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Jeanne Said:Teaching my sister the alphabet...hard job.?
We Answered:The nice thing is that she's not required to know every letter of the alphabet before Kindergarten. Yes, it will definately help her if she knows them...but they will do a review in the first few weeks of Kindergarten.
I'd slow down a bit. I have a four year old here that doesn't retain information and so I really had to slow down and repeat, repeat, repeat. I work with only 1 or 2 letters a week and do a short little activity each day with it. Then throughout the day, I reinforce those new letters and any of the letters we have learned whenever I can.
Someone mentioned teaching the sounds before the letter name...that's a possibility...I find it's easier to teach both the letter name and sound. But the sound is the most important.
Sorting the letters...you bet. You want to explore with the shapes of the letters. I like to sort by which letters have sticks/curves/or both. One activity that was popular was to put magent letters inside of a washtub and use a magnetic fishing pole (you can make one) to "go fishing". Then we sorted onto the magentic dry erase board...but you can sort onto the fridge. If you want...you can put multiple of the letters your have learned and sort those.
Make an ongoing alphabet book. Each time you learn a letter, add it to the book. The review are doing now is actually made to go with our general preschool theme. (She's the oldest and the furthest "behind" academically so I'm giving her 1:1 in some areas). Our general theme is winter/mittens so I had pairs of mittens, in one mitten was the letter printed lightly so she could trace it (upper and lower case). In the other mitten I had a picture that started the word. Then we added the word strips to make the sentence. Mm is for mittens. Then we went onto the next letter we learned. (I don't teach the alphabet in order...I teach the letters according to how common they are). You may wish to make a book with just the letters in her name first. You can change it and extend it all you want. Remember to review with it. Just don't make it and leave it. :-) Defeats the purpose.
There are a lot of alphabet songs out there that you can use flash cards or make another visual. Singing the song is just like rote counting. It really doesn't have a whole lot of benefit to it. But if you add visuals to the many abc songs/chants...she gets the extra visual reinforcement. You can email me if you want some songs/chants and ideas for visuals.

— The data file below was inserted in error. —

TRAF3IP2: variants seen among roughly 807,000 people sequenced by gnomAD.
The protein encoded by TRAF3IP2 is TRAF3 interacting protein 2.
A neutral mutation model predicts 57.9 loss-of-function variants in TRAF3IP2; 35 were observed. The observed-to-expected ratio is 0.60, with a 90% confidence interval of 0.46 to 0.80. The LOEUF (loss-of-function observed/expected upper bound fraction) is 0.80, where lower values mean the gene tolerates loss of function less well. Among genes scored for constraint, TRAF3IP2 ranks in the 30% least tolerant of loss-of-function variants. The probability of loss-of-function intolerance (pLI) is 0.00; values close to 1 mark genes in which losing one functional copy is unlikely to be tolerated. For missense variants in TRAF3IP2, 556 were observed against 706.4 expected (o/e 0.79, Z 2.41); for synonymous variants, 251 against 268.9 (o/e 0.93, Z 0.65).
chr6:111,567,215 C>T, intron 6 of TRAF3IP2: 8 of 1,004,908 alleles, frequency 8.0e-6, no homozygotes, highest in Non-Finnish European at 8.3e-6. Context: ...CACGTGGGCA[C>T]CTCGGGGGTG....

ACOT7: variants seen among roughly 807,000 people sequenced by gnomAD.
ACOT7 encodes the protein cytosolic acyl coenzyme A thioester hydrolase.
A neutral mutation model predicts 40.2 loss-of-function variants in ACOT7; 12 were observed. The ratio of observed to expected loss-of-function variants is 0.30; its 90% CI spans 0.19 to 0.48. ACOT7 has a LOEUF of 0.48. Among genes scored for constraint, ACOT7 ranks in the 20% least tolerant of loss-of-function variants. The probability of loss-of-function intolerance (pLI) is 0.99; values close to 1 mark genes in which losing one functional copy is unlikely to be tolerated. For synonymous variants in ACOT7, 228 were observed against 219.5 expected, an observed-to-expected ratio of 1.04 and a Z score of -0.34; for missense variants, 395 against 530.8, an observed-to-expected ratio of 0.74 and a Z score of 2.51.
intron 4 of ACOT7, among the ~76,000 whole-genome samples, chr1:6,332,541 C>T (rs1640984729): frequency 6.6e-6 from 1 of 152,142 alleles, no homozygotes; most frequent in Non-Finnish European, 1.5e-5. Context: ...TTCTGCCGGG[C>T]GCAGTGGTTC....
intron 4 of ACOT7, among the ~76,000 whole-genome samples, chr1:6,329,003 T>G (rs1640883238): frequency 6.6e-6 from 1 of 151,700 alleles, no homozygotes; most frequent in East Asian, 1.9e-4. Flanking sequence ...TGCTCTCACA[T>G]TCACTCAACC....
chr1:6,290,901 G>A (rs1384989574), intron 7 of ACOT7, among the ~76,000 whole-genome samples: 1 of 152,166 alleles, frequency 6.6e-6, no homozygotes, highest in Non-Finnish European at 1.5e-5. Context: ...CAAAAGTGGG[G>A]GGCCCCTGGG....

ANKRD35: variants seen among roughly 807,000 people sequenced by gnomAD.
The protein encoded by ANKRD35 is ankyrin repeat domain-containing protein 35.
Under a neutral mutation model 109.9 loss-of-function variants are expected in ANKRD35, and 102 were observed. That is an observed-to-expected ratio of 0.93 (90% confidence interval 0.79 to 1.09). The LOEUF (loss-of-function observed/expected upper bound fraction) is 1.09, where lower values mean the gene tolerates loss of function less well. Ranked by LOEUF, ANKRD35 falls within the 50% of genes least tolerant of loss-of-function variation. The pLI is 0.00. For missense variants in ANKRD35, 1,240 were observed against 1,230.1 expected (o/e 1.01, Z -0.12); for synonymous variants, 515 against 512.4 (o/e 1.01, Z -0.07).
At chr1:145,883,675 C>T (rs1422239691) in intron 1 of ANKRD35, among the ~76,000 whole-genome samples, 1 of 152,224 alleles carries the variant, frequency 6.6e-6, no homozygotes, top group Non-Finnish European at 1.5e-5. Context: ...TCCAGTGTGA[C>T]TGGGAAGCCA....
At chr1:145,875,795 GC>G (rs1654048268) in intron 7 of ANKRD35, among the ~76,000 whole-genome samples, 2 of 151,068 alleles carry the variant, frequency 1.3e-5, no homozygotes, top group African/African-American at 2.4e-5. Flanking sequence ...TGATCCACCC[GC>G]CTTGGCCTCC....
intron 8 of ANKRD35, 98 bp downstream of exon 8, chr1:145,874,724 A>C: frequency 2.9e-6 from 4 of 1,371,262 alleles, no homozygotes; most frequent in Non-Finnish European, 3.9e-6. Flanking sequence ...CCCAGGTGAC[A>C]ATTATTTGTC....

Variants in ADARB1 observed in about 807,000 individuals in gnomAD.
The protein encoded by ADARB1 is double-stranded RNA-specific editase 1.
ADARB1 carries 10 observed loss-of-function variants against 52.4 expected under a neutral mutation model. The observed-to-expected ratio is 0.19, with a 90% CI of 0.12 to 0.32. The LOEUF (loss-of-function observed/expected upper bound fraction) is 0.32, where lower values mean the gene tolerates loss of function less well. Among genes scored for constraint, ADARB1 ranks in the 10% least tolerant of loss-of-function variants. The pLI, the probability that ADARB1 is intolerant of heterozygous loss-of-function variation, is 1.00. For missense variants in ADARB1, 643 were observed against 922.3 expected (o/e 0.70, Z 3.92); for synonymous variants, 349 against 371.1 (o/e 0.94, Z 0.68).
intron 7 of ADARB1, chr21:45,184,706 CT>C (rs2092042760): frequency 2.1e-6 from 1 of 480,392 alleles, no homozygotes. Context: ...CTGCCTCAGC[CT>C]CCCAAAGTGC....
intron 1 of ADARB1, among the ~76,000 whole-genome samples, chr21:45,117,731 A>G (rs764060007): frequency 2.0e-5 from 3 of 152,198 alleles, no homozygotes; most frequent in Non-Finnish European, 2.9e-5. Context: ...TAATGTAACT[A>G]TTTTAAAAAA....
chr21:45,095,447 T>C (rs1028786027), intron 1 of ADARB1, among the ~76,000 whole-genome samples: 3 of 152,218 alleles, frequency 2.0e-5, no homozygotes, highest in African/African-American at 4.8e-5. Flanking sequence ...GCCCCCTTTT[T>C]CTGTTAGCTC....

Does she like art? You can make a collage for each letter of the alphabet that you are learning. Use material that starts with that letter's sound. Then post it up in her bedroom etc. Then interact with it. I have a list of ideas for that as well if you want them.
www.childcareland.com has a do a dot alphabet template. Unfortunately it's just capital letters but the kids loved them here. I turned them into a simple book as well and used them with one of our chants/songs.
Do you play with playdough...roll the playdough into snakes and form the letters you have learned or are learning. Use alphabet cookie cutters. There are even alphabet playdough mat printables (free) on the internet.
One of the favorite activities of this little girl I teach, who isn't really interested, is Magic Letters. I cut white index cards in half and on one side I wrote the capital letter in white crayon and on the other half I wrote the lower case letter in write crayon. Press heavily when writing. Then I provided water colors. She painted over the colors to see the letter magically appear. I actually sent these home to be of use at home. But you can use them in many different ways!
Another favorite activity is "Eraser". I wrote multiple upper/lower case letters of the ones we were learning on a dry erase board. And I had flashcards that they drew out of a bag. Then stated the letter name and sound (I helped them if they couldn't remember) and then erased them off the board. Each time they erased, have them say the letter name and/or sound.
We use mini erasers (you can use beans and other small items) to place over top of block alphabet letters and such.
There are a lot of alphabet books available.
The key is to have a very short activity. Once she's lost interest it's too late. Do something else and come back to it again. Some find it more benefitial to just do informal sessions. Just slip it in here and there throughout the day. 1 minute, 2 minute activities. :-) I have to be a little more structured since I actually have a preschool program so we do the 10 minutes (or less) activity every morning. It works! Good luck! Just remember, whatever she learns (no matter how slow it goes) is more than what she did know and that's your goal...just one step at a time! What a great sis she has!
Megan Said:Any ideas for a title for this (easy 10 points)?
We Answered:Hide and Seek!